Like mushrooms after rain, Tasmania's small producers have been quietly sprouting, across the state.
Now the non-for-profit start-up support business, Sprout Tasmania, wants to find out how many small farmers there are and what they are producing.
Sprout's general manager Jennifer Robinson said the state government had funded the organisation to review the state's small-scale farming sector.
"We're looking at all sorts of things, such as their productivity, what they farm, where they farm, how they sell their products, what are their challenges and plans?," Ms Robinson said.
"It's an exciting project and it will inform a lot of the support that then comes through."
She said the research would give the state government a better understanding of what the sector looked like and what support was required.
"In the first three weeks we will be doing preliminary work with a data expert, who will be able to give us an understanding of the criteria we need to look at,' Ms Robinson said.
That would be followed by a survey, promoted through main-stream media and digital platforms.
"In terms of a definition, or criteria, for small scale, it's quite tricky because we don't want to exclude people, based on a particular land size, or working land size," she said.
"I guess we will be really trying to ascertain those boundaries, without making them so rigid so they exclude people who should be included in the survey data."
The general definition would be people running a farm, not as a hobby, but also not on the broad-scale, extensive cropping or stockholding farming businesses.
Ms Robinson said Sprout also had to be careful about terminology.
"They don't think of themselves as niche, they are just small," she said.
While Sprout had a handle on about 100-120 small farmers, which benefited from its programs, there were far more out there.
"Whenever I speak with somebody, there are always five to 10 people I have no idea about,' she said.
"We would hazard a guess to say there might be between 300-500, but it might even be bigger than that."
When Tasmanian was hit by blueberry rust, in 2014, many farmers, Sprout had not been aware of, came to light.
"They might sell to their local grocer, or on the side of the road,' Ms Robinson said.
Small, or micro, producers played an integral role in Tasmania's agricultural sector.
"We were born from vegetable growers originally, that's where Sprout originated from, but now we have producers who span from blueberries to apples and ducks and chickens for meat and eggs," she said.
"I think they have an integral role in that so much of our tourism industry is supported from this side of the agricultural sector.
"They really underpin that paddock to plate experience that so many people come to Tasmania and look forward to."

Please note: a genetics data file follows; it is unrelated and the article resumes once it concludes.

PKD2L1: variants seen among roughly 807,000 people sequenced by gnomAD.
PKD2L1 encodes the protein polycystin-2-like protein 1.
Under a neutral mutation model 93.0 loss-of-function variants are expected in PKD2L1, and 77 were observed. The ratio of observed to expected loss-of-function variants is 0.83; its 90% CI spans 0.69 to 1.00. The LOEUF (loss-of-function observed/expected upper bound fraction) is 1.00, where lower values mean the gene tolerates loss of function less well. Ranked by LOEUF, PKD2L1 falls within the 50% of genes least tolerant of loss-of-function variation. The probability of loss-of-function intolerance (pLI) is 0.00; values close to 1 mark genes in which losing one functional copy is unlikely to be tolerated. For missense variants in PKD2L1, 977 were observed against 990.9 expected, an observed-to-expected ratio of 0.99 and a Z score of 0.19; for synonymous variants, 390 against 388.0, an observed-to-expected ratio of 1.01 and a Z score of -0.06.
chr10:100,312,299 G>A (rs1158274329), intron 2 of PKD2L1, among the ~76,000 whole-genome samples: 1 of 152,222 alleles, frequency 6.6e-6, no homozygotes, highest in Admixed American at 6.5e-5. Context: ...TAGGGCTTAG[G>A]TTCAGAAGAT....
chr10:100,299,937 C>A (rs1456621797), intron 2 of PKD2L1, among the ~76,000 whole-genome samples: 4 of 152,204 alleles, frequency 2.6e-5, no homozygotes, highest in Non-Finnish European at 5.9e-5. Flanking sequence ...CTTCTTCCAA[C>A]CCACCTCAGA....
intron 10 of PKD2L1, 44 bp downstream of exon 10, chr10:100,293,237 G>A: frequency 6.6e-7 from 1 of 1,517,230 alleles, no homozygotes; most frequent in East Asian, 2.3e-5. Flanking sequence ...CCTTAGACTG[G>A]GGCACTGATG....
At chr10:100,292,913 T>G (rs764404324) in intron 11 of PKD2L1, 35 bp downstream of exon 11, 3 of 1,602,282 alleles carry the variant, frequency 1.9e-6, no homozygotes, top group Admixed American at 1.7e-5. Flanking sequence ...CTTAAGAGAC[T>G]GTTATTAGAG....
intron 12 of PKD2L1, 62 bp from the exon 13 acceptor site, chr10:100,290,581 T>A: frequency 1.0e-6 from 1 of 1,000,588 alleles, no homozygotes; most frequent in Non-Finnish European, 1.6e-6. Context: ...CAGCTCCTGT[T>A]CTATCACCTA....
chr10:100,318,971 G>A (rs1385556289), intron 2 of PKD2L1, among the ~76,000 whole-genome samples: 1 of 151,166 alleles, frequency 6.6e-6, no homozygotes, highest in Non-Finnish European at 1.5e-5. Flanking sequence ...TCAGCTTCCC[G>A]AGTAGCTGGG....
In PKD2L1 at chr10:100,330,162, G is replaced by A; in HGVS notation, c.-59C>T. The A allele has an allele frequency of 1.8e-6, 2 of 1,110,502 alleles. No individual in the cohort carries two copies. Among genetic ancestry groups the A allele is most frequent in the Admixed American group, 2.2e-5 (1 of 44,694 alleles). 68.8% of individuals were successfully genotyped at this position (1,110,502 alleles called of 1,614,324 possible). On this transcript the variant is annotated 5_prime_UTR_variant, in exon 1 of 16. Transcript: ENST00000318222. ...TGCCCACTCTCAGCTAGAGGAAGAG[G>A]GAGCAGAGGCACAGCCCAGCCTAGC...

Ms Robinson said the sector could play a significant part in the state government's ambitious plans to increase the annual value of Tasmania's agricultural sector to $10 billion by 2050.
"It's not that we say larger-scale farmers are not needed, they are its more that we think the traditional idea of a farm, needs to shift and is shifting.
"This data is needed needs to show they are an integral part of the agricultural sector.
"The more we know about them, the more we can support them to do that."
Fork It Farm's Daniel and Kim Croker run heritage-breed Berkshire pigs for pork and charcuterie products.
They have an on-farm boning room and production facility at Lebrina.
"The government will have an idea as to how much small farms actually contribute to the agricultural sector, and we might get some support as well," Mr Croker said.
"Most of the support is targetted at the big end of town, and this research will hopefully show how much we contribute to the local economy as well.
"I just think some of the grants that are out there are quite large, and most small farmers don't need a million dollars or half a million dollars, they only need $10 or $20,000."
He said he was hopeful it could also see a cutting of red tape, which he described as "a killer.
"All the regulations are written for the big end of town and that can be a barrier, to entry, for a lot of small producers," Mr Croker said.
Small producers brought in a lot of tourist dollars, to the state.
"We get constant visitors, throughout the week to our farm shop," he said.
"Tassie has this clean-green, boutique food industry image," he said
"When people understand how many small producers are out there, and what they do for the economy, that really needs to be shown better."